Playing mind games, off the shelf

PhysOrg has a brief article on the various ‘mind reading’ headsets that are in the pipeline and could make it onto the gaming market this year.

The article mentions several systems that are apparently close to release and notes some of technology which is intended to allow ‘thought control’ of games:

Emotiv, a company based in San Francisco, says its mind-control headsets will be on shelves later this year, along with a host of novel “biofeedback” games developed by its partners.

Several other companies Рincluding EmSense in Monterey, California; NeuroSky in San Jose, California; and Hitachi in Tokyo Рare also developing technology to detect players´ brainwaves and use them in next-gen video games.

The technology is based on medical technology that has been around for decades. Using a combination of EEGs (which reveal alpha waves that signify calmness), EMGs (which measure muscle movement), and ECGs and GSR (which measure heart rate and sweating), developers hope to create a picture of a player´s mental and physical state. Near infrared spectroscopy (NIRS), which monitors changes in blood oxygenation, could also be incorporated since it overcomes some of the interference problems with EEGs.

I’ll be intrigued to see how well they work, but I suspect they’ll be more of a novelty than a genuinely useful addition for avid gamers, at least at first.

This is largely because the main technology for reading brain activity is EEG.

Even with thousands of pounds worth of kit, neuroscientists get participants to do the same task over and over and then average the results to get a reliable waveform.

This is partly because this technology is a relatively crude measure of the total electrical activity that happens over a large area (so on any one occasion the wave will be influenced by a number of other brain functions going on at the same time), and partly because the electrical activity from something as small as the eye-blink muscles drowns out the signal from the brain.

It’s interesting that the article mentions near infrared spectroscopy as another possible way of reading brain function (as used by Natalie Portman).

This involves beaming near-infrared light into the head, where it penetrates the skull and gets absorbed by brain to differing degrees, depending on how much blood is in the area. The amount of light that bounces back can be used to infer blood saturation and, hence, brain activity.

However, changes in blood flow lag behind the activity of the neurons by up to 5 seconds (and interestingly, this varies as we age). This is because blood is ‘called in’ to replenish the local nutrients that are instantly available but in short supply.

Similarly, systems that measure skin conductance or heart rate (a proxy measure for arousal or stress) have a similar problem with lag.

So gamers wanting to control games at the ‘speed of thought’ are likely to be disappointed. EEG is too noisy, NIRS is too slow.

What the headsets might do well, however, is something quite different.

The MIT Affective Computing group have spent several years looking at how computers could present information differently depending on the emotional state of the user.

According to Jonathan Moreno’s book Mind Wars this is also something that the US Military has great interest in, and you can also see how it would enhance games.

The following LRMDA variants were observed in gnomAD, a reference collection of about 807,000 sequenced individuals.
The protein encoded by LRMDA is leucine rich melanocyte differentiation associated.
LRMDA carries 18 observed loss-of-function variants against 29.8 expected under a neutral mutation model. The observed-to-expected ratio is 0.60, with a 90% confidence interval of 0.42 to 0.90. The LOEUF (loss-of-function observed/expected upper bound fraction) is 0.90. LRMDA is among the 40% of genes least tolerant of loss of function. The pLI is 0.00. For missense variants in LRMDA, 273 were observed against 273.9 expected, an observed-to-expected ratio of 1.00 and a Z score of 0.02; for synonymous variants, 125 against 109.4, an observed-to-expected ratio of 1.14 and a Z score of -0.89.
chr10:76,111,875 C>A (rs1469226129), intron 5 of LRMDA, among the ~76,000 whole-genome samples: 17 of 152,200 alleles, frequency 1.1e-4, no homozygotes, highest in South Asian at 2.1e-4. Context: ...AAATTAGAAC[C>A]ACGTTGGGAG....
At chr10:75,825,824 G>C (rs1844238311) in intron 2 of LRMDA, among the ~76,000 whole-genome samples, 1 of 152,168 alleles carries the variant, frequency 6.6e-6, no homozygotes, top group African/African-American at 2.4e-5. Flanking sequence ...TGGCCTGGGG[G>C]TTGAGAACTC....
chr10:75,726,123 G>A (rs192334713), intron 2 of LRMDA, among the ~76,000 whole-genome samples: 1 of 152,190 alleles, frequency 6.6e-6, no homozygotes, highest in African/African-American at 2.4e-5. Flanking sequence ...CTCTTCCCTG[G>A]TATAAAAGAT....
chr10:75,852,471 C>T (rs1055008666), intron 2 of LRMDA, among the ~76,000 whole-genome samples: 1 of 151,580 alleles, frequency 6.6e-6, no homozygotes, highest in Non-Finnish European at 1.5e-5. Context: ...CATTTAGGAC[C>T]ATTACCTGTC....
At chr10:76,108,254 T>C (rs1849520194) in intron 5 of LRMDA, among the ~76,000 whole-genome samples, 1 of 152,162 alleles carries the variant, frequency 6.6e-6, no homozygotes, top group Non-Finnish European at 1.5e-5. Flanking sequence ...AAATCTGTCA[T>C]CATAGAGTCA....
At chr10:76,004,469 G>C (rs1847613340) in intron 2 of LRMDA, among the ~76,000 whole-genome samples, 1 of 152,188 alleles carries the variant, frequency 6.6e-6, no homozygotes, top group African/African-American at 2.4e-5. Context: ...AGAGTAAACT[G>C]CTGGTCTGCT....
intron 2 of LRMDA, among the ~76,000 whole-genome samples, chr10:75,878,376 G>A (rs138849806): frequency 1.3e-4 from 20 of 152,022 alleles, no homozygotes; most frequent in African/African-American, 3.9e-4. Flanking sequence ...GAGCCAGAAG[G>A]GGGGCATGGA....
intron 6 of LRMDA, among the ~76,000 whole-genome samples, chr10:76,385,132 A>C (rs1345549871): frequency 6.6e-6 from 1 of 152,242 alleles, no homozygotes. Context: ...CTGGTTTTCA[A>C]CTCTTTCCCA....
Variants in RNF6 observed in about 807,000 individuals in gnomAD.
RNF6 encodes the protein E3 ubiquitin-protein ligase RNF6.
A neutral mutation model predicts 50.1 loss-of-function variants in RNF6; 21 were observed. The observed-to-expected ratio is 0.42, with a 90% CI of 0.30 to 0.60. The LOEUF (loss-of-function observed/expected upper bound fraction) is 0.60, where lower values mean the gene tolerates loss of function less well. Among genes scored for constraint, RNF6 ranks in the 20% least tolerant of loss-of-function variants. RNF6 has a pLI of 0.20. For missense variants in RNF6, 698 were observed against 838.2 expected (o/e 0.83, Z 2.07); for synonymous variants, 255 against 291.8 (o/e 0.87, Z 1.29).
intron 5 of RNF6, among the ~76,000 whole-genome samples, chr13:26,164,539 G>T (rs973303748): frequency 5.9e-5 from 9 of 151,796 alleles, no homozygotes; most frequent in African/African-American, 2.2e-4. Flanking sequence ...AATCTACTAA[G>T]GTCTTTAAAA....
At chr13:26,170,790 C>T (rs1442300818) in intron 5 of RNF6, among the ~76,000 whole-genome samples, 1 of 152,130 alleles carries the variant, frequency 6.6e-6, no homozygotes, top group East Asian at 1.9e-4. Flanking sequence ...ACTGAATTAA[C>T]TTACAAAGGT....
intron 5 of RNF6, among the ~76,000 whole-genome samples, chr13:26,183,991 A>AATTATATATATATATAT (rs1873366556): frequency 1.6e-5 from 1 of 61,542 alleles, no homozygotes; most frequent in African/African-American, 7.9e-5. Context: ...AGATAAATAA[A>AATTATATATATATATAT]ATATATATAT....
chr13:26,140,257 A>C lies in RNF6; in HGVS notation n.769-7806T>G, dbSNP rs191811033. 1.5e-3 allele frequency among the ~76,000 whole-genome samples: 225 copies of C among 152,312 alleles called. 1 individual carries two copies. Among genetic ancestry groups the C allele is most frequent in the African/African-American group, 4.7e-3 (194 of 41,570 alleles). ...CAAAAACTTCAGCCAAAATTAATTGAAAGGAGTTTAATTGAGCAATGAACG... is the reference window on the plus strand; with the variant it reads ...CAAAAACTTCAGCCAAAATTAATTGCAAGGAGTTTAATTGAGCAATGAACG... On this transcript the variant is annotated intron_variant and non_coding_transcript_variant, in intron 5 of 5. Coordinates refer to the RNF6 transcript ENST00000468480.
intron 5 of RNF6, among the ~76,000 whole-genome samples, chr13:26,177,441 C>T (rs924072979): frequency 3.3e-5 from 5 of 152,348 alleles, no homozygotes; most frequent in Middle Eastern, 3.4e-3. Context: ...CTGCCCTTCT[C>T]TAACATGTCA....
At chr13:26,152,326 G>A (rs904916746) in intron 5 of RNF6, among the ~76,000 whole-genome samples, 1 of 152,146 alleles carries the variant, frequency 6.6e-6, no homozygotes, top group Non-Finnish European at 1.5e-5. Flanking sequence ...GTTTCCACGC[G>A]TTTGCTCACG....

The readings from the headset will probably do a better job of keeping track of the easier to measure and relatively slow moving responses like arousal and stress, and these could be used by game designers to enhance your experience (maybe to slow things down if you’re too stressed and under-performing to avoid frustration, or to pump-things up at tense moments).

One of the most interesting possibilities is what might happen when hackers got hold of the systems.

Suddenly, they’ll be thousands of people with standard kit for reading physiological responses and, to a certain extent, brain function.

As soon as someone finds a way to reliably read a novel type of brain function, even with this limited technology, everyone will be able to use it.

Furthermore, it might lead to some fascinating home cognitive neuroscience experiments and demonstrations. Imagine having a home NIRS system – rock on!

Link to PhysOrg article on ‘Mind Gaming’ (via 3QD).

3 thoughts on “Playing mind games, off the shelf”

  1. I’ve been writing on these devices and other novel input devices on my blog, Myomancy for a while.
    My main interest is in how these devices could be used in education. Neuro-feedback devices are the obvious options but the evidence on their effectiveness is not strong.
    I’m excited about other technologies such as how simple head tracking [ ] could be used to teach posture and balance skills. Or how the iPhone’s technology could change education [ ].
    For pure tech-porn, check out these Foldable Interactive Displays [ ]. Nothing to do with brains or education but an exciting bit of technology.

  2. I wouldn’t say that NIRS is slow. It’s measured at 10 Hz and if blood flow is holding up response you can measure the decrease in deoxyhemoglobin, which is fairly instantaneous.

  3. You’re quite right. NIRS itself isn’t slow, but blood response in the brain is (e.g. the several second lag from neuronal activity to increase blood flow). As NIRS measures blood saturation, all in all, the technology as a whole is too slow to give an online reflection of cognitive activity.

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